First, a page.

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Today is the big day where I finally toss off the dock lines and head out to see the world! I worked on my one missing solar panel power line in the early hours before the sun hit the boat directly but had no luck; there's a little gremlin in there somewhere but I'll sort that out while at anchor. I then got all of the cushions out of storage and attached them in the cockpit and finally went all around the boat putting things away and ensuring that “Zanshin” was ready to set sail. I got some final provisions at the store, some boat parts at the chandlery and paid my dockage bill at the office. I waited for the delivery from Caribbean Cellars but at the last minutes before noon they informed me that the water I wanted (San Pellegrino plastic bottles) hadn't arrived so I made myself ready to leave.
The wind was very light in the marina and the dockhands were busy elsewhere so I took off my forward and aft spring lines and singled up the bow and stern lines so that I could slip them off from the boat. I started the engine to let it warm up and moved some fenders to the stern of the boat. Casting off the two remaining lines, I used the bow thruster to push the bow away from the dock, which made the stern push against the dock (hence my moving the fenders) but this then effectively pushed the boat away from the dock so that when I straightened out and put the boat into forward gear the boat wouldn't be pushed back or along the dock by the prevailing light wind. It worked like a charm and I used the protected water off the fuel dock to remove the remaining lines and throw the fenders into the stern garage to let them dry out before tucking them away.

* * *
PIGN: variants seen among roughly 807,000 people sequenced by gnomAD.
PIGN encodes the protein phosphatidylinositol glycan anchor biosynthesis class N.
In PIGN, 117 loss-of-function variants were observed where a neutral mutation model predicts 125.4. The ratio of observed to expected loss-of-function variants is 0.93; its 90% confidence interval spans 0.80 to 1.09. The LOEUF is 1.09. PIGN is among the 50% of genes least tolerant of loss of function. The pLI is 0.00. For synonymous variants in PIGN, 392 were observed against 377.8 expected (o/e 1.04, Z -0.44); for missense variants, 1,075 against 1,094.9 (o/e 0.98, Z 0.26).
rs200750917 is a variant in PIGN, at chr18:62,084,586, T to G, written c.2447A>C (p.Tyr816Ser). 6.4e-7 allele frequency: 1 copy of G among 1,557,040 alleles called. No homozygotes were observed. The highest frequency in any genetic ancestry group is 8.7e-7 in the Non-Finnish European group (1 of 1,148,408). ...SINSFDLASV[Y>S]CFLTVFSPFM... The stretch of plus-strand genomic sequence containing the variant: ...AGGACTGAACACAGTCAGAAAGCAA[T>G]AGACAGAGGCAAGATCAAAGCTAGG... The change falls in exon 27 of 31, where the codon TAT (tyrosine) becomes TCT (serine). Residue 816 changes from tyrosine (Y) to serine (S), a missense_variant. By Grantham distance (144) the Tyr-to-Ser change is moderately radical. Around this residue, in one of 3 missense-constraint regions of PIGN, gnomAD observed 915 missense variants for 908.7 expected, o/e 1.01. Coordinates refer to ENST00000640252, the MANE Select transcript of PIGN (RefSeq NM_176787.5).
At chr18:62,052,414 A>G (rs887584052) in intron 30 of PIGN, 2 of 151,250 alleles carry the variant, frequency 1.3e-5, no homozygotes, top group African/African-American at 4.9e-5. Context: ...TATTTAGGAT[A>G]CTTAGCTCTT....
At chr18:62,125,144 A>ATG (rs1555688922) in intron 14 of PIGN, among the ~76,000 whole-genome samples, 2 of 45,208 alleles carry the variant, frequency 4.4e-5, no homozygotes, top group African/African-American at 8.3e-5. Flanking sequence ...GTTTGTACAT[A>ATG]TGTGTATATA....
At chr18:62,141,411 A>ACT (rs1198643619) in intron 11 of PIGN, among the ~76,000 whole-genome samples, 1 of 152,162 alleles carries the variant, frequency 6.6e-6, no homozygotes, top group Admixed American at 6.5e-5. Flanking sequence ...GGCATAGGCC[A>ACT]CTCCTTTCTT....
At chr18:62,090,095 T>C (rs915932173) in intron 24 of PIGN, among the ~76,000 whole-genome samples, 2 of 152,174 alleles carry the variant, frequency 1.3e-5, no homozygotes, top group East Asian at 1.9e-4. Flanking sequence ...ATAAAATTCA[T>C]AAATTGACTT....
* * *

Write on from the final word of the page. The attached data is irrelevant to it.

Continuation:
Once I left the marina I realized that I hadn't made a plan of where I was planning on going. I usually head across to Norman Island but it was only noon and I wanted to sail, so I opted to head around Soper's Hole and anchor off Jost van Dyke tonight. With full sails set I was only doing between 2 and 4 knots in the light wind, but it was nice to have easy conditions to get a feel for the boat and to make sure that the rigging stayed where it was supposed to.
It was a long 4 hour sail in those light conditions, at times I was under a knot while a lull in the breeze passed my by. I wanted to anchor off Sandy Spit but the north swell coming around the island made that somewhat uncomfortable so I made 2 attempts to anchor off Little Jost van Dyke but the bottom, though only 15 feet deep, was hard rock with only a sprinkling of sand over it so I didn't get good holding at all and ended up going to my usual spot off the B-Line bar in about 30-35 feet of water and finally turned off the engine at about 16:30.
I got the boat ready for a night's stay and went ashore for a happy hour drink at the bar, then returned and just watched the stars come out before making a steak on the barbecue (which I'd just had repaired) along with two baked potatoes before falling into a deep sleep for my first night at anchor.